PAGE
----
“Application instead of a majoritarian system like the alternative vote would require candidates to secure, after transfers,the support of over 50 per cent of electors in their constituency.
    This would stimulate candidates of all parties to make conciliatory and civic-minded appeals, as long as constituencies are heterogeneous. Accepting there is a trade-off between the
    goals of interethnic conciliation and proportional representation would suggest a top-up of seats allocated to parties to
    introduce a degree of proportionality. This ‘AV+’ system was recommended for Westminster by the review of ‘first past the post’ conducted by the late Lord Jenkins.
    Alternatively, if it was felt to be illegitimate to consider any such trade-off, the additional member system would offer another approach which, like AV+, would sustain the idea of
    linking some representatives to a constituency base (unlike a list electoral system). The moderating effects of AMS in heterogeneous
    constituency contests—where it would encourage
    tactical voting for moderates across the communal divide— would however be entirely offset by the proportionality associated with the second, party vote, as long as parties ensured their supporters stuck with them on the latter vote, even at the
    expense of ‘ticket-splitting’. AMS has been advocated by electoral reformers in the republic, notably with the endorsement of Noel Dempsey, to foster a less clientelistic political culture
    than that encouraged by STV. North and south, this encourages localistic competition, through the interaction between constituency representatives—including from the same
    party—rather than a focus on policy matters and the broader public good.”

    Sammy, your assessment of Wilson is wrong ( see link above).

  • It was Sammy Mc Nally what done it

    Jo,

    Is he a Unionist?

  • Jo

    Sammy

    Perhaps Robin will respond. I merely draw out the point that there are degrees of engagement here and some people are more subtle than others yet are accepted, however crass their analysis.

    There is no ongoing or buildable suppolirt for a sustained campaign here, the water is too shallow. Relics from the poast like O’Bradaigh and Vance serve to show that there is encouragement to kill each other in the future, if we want. I suspect, like Robin, that we don’t want.

  • It was Sammy Mc Nally what done it

    Brian,

    There are 3 plausible explanations why someone might want to change something before it has actually been implemented fully 1) They dont like it 2) They dont thing it will work or 3) they are paid or otherwise motivated to speculate about alternatives.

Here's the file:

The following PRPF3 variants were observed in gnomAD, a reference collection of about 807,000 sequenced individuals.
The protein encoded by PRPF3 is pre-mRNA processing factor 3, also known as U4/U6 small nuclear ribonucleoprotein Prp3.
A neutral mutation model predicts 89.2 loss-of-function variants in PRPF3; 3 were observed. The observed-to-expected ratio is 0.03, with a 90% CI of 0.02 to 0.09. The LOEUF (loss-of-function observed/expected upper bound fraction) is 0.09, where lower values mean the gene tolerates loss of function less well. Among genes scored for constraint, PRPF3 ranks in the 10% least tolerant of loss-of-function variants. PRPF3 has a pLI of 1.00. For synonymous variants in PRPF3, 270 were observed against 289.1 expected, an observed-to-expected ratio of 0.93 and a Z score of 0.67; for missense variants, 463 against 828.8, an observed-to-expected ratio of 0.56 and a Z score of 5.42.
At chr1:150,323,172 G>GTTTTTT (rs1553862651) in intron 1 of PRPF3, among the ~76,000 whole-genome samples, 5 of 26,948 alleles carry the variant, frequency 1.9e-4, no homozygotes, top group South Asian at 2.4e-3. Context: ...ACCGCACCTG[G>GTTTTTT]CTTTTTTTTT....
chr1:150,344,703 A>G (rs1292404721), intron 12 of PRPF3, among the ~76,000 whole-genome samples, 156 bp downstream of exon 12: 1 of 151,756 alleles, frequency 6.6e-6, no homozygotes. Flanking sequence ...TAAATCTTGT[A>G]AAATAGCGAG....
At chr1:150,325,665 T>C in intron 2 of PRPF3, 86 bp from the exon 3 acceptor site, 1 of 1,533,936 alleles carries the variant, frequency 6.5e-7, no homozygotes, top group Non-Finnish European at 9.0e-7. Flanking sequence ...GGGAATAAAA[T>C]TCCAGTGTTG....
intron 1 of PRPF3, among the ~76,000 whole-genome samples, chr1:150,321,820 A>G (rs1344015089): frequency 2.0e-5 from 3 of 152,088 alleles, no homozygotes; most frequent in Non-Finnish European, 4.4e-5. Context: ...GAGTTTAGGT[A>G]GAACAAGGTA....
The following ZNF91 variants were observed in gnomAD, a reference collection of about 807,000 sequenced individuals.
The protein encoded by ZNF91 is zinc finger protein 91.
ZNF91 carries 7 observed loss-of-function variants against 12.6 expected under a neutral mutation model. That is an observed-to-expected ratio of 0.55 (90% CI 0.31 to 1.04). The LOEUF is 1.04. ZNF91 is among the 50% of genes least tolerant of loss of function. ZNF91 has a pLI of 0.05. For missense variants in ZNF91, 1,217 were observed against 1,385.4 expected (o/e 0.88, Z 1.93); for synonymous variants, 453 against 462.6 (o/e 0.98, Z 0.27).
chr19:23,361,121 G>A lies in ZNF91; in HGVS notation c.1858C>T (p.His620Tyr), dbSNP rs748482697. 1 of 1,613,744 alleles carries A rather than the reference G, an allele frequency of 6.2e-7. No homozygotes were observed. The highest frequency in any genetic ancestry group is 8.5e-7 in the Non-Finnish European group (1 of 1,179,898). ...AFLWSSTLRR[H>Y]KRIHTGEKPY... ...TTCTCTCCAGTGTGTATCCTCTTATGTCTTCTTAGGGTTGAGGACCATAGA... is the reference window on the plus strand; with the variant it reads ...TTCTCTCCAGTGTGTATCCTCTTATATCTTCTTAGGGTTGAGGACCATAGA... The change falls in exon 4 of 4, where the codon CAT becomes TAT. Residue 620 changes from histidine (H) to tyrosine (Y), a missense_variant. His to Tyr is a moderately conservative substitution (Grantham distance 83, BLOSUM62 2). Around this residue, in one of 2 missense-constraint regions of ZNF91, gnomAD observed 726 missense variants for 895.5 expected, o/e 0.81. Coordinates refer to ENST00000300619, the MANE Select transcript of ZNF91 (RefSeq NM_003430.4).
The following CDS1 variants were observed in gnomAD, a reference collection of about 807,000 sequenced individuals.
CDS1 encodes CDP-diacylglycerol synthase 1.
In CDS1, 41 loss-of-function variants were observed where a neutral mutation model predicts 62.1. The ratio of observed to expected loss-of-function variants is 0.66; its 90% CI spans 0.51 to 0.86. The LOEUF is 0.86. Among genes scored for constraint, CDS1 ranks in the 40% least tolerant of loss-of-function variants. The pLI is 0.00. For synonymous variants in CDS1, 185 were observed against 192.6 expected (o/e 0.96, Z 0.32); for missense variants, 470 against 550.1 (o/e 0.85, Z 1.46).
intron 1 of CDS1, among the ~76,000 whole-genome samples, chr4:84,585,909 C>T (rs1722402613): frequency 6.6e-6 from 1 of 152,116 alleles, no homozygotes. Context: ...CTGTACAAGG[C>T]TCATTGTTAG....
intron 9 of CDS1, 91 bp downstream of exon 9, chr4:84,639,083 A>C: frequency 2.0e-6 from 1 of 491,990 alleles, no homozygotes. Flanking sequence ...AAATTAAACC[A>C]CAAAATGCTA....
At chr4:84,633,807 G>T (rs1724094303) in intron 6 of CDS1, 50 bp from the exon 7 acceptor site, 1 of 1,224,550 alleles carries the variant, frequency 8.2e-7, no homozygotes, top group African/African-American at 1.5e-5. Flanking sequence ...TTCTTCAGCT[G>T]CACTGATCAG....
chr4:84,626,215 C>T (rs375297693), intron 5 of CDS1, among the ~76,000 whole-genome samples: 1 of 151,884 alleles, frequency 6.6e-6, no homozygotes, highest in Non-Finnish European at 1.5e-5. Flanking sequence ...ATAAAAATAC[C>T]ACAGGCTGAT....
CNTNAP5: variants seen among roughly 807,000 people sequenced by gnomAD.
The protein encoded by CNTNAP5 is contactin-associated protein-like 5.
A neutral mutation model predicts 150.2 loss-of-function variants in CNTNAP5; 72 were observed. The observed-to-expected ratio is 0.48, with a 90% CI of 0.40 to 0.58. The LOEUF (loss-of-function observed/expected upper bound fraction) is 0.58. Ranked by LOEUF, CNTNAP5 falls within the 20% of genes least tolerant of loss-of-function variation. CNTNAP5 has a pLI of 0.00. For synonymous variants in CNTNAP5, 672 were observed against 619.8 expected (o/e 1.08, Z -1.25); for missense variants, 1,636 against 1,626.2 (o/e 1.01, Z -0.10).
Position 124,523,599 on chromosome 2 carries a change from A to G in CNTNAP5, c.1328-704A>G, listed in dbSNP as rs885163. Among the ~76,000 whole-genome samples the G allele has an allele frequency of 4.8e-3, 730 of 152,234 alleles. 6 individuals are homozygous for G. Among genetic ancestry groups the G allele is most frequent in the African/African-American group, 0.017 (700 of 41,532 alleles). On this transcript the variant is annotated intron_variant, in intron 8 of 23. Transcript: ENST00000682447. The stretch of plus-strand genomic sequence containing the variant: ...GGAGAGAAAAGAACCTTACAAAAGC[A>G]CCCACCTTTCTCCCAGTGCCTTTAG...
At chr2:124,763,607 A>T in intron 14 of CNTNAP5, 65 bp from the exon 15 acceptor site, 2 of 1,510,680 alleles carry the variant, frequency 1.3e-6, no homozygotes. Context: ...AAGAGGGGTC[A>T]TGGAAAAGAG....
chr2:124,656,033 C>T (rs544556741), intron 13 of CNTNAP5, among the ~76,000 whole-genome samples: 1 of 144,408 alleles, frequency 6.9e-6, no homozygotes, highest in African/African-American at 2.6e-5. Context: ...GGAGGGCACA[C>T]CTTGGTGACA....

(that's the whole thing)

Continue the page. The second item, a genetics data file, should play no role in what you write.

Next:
Trying to separate the arguements of convienece from the ideological positions from the academic pursuit from the genuine concerns is extrmely trickey – we have had the Allinace party talking in tongues, the UU and the Tories talking like the TUV and various Unionist commentators all looking to the feck with the GFA/STA before it has actually arrived.

  • It was Sammy Mc Nally what done it

    ArchiePurple

    You are a great man for strident views – whats your view of the Orange Order?

  • fin

    Brian,
    George Orwell said no politican goal/objective is ever fully achieved, its the political direction thats important.

    As you rightly say devolution is progessing in all parts of the UK, however in NI there is the added dimension of north south bodies an entity that exists in no other part in such a manner as in NI.

    To say that 50% of NI’s cash comes from GB is a pointless statement, the essense is the fact that outside of politics GB is divesting itself of responsibility of NI’s infrastructure and politics. In X years time when there exists a single infrastructure for the island, GB’s cash will relate to a political relationship only. At that time the union will be so weakened as to make a united Ireland only a small push away. I imagine this will be achieved with minimum paper assurances for unionists and a final payoff from GB, with the US and EU adding to the pot. If 10billion euro in todays money (for example) was presented to unionism and the rest of Ireland as the potential payoff for a united Ireland, well, it would be hard to argue against it.

    I find it bizarre that you can’t see why it would be difficult to see how even a confederal (sic all you like son) between NI and the rest of the UK is difficult

  • Paddy Matthews

    This would stimulate candidates of all parties to make conciliatory and civic-minded appeals, as long as constituencies are heterogeneous.

    A load of male bovine excrement, frankly.